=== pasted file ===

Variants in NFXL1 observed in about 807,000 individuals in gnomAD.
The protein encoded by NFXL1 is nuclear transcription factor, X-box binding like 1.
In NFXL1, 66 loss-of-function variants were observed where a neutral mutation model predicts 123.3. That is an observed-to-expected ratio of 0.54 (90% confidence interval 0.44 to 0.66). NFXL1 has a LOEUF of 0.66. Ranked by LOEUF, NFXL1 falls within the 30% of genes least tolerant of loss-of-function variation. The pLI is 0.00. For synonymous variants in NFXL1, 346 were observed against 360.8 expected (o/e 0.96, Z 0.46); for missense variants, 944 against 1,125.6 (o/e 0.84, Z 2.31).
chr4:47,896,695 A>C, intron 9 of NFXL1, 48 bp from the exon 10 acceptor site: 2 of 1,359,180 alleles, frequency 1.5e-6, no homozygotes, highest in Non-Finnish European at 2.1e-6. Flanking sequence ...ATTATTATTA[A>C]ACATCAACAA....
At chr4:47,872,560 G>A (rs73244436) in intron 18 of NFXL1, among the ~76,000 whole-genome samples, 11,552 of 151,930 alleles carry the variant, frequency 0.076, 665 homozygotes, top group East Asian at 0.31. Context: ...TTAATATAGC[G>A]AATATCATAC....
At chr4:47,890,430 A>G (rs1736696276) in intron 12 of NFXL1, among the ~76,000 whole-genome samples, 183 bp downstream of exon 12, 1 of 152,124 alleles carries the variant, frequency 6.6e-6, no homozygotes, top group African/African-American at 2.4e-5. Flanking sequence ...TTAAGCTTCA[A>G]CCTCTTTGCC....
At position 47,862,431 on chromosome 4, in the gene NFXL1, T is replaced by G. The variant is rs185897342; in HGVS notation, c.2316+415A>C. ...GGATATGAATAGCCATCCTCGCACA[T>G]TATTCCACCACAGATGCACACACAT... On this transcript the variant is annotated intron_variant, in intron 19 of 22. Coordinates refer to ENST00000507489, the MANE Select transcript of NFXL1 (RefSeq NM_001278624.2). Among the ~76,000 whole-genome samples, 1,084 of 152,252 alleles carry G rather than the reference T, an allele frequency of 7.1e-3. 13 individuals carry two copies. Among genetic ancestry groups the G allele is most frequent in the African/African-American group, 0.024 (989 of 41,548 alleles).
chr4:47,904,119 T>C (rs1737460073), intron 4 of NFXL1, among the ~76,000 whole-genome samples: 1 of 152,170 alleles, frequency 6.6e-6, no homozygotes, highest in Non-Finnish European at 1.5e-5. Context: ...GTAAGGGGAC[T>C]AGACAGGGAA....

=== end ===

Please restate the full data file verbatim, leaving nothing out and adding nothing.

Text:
Variants in NFXL1 observed in about 807,000 individuals in gnomAD.
The protein encoded by NFXL1 is nuclear transcription factor, X-box binding like 1.
In NFXL1, 66 loss-of-function variants were observed where a neutral mutation model predicts 123.3. That is an observed-to-expected ratio of 0.54 (90% confidence interval 0.44 to 0.66). NFXL1 has a LOEUF of 0.66. Ranked by LOEUF, NFXL1 falls within the 30% of genes least tolerant of loss-of-function variation. The pLI is 0.00. For synonymous variants in NFXL1, 346 were observed against 360.8 expected (o/e 0.96, Z 0.46); for missense variants, 944 against 1,125.6 (o/e 0.84, Z 2.31).
chr4:47,896,695 A>C, intron 9 of NFXL1, 48 bp from the exon 10 acceptor site: 2 of 1,359,180 alleles, frequency 1.5e-6, no homozygotes, highest in Non-Finnish European at 2.1e-6. Flanking sequence ...ATTATTATTA[A>C]ACATCAACAA....
At chr4:47,872,560 G>A (rs73244436) in intron 18 of NFXL1, among the ~76,000 whole-genome samples, 11,552 of 151,930 alleles carry the variant, frequency 0.076, 665 homozygotes, top group East Asian at 0.31. Context: ...TTAATATAGC[G>A]AATATCATAC....
At chr4:47,890,430 A>G (rs1736696276) in intron 12 of NFXL1, among the ~76,000 whole-genome samples, 183 bp downstream of exon 12, 1 of 152,124 alleles carries the variant, frequency 6.6e-6, no homozygotes, top group African/African-American at 2.4e-5. Flanking sequence ...TTAAGCTTCA[A>G]CCTCTTTGCC....
At position 47,862,431 on chromosome 4, in the gene NFXL1, T is replaced by G. The variant is rs185897342; in HGVS notation, c.2316+415A>C. ...GGATATGAATAGCCATCCTCGCACA[T>G]TATTCCACCACAGATGCACACACAT... On this transcript the variant is annotated intron_variant, in intron 19 of 22. Coordinates refer to ENST00000507489, the MANE Select transcript of NFXL1 (RefSeq NM_001278624.2). Among the ~76,000 whole-genome samples, 1,084 of 152,252 alleles carry G rather than the reference T, an allele frequency of 7.1e-3. 13 individuals carry two copies. Among genetic ancestry groups the G allele is most frequent in the African/African-American group, 0.024 (989 of 41,548 alleles).
chr4:47,904,119 T>C (rs1737460073), intron 4 of NFXL1, among the ~76,000 whole-genome samples: 1 of 152,170 alleles, frequency 6.6e-6, no homozygotes, highest in Non-Finnish European at 1.5e-5. Context: ...GTAAGGGGAC[T>C]AGACAGGGAA....